Dear ACEs in Education Community:

I'm wondering if anyone has worked ACEs-related language into a School Council School Improvement Plan? I'm on the School Council for a charter school and we're looking at improving parent engagement., in general, and as part of that I'm trying to introduce two topics:

1) ACEs and 2)Race, Class & Parent Involvement 

We have kids from 30 different communities and 1/3 of the students are Haitian. The other 2/3 are mostly but not entirely Caucasian. Anyhow, some kids take a bus, many are driven to/from by parents. The income and race of communities from sending towns varies widely and so, as a school, there's a lot of income disparity as well and differences in adverse community experiences in and out of the school. We know that kids and families are all dealing with ACEs (the presence or absence and the challenges or protections) and so I want to address both issues - but can't ignore that the entire school council Principal, teachers, assistant principals, parents, and students are all white, except for my daughter, who is Asian. 

To complicate matters, as someone with a high ACE score myself, I've not always been a joiner and not always willing to do the work to help a system change. I've more been the one who eye rolls, thinks the system doesn't get it, and just doesn't engage. But I have a kid in the school and schools transformed my childhood. I know schools can be sanctuaries for kids, all kids, even when they are imperfect. And part of being part of this ACEs community has taught me that those of us who have ever felt marginalized, or not represented, whether we still do or not, are actually essential, required, and have input that is valuable - not only in speaking for ourselves but in speaking to why other people won't and don't engage for reasons that are not only lack of interest, passion or caring.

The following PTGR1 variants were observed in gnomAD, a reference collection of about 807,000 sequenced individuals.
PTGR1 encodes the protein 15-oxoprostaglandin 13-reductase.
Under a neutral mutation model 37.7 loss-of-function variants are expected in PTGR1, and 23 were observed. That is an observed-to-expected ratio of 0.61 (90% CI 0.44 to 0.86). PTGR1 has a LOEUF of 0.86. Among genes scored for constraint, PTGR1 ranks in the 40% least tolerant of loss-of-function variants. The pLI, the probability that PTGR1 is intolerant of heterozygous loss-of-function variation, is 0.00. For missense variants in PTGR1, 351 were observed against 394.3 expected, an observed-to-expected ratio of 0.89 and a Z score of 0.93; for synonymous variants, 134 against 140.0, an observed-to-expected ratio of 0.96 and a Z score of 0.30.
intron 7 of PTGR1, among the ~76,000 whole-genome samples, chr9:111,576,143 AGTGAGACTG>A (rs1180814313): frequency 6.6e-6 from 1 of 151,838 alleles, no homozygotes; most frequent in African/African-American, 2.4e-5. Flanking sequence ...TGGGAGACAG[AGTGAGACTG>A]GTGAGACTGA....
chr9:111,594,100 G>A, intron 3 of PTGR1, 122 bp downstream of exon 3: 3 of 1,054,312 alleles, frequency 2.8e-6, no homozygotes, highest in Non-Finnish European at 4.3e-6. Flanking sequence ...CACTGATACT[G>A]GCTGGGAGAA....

But I'm kind of green to how schools and school councils work and in being a team player (working on it every day). I know I'll have better success if I can share some success and examples of things done well at other places, or at least being explored.  Has anyone some success in this arena or any ideas or resources or experiences to share in comments or privately? 

Here, I'm asking as Cissy who is a mother and part of a school community more than anything. I appreciate any feedback and will ask on the main ACEs page as well as in Parenting with ACEs. But because I also work here, I'll share and consolidate whatever I do learn. 

Thanks everyone!!
Cissy

@Melissa Sadin @Emily Read Daniels @Drew Schwartz@Lara Kain (ACEs Connection Staff) and anyone/everyone who knows about school, ACEs, inclusion, diversity and ways of making change that include parents and School Councils, please share.  

Original Post

@Cissy White  You're the best.  I love that you are so boldly putting it out there!   

To begin with, you know that your question is laden with like 10,000 $1,000,000 questions.  You may be new to this arena, but you're a quick study, so of course you have all the questions everyone in education has been grappling with for eternity:

- How to include ALL VOICES?
- How to bridge PTAs mission with the broader school community?
- How to engage parents with busy lives, distance, etc?  And for what purpose?
- How to diminish inequities potentially inherent in income, racial, cultural differences?

For starters, I think you may want to Simon Sinek this one with your fellow school council members.

WHY?  What are you wanting to accomplish and WHY?  Is your desire to share ACES information shared by a majority on the council?  If so, for what purpose?  Are you looking to have parents find one another for support with these ACES experiences?  How might it look for parents that are actively living ACES? Are you hoping to bring trauma-informed principles into the school via the parent's voice?

A lot of people are going to tell you, "do a needs assessment; survey people."  I say, slow down, titrate, give space and time, start what may be a very meaningful conversation with your fellow council members.  Truthfully, these conversations are where the healing can begin - for all.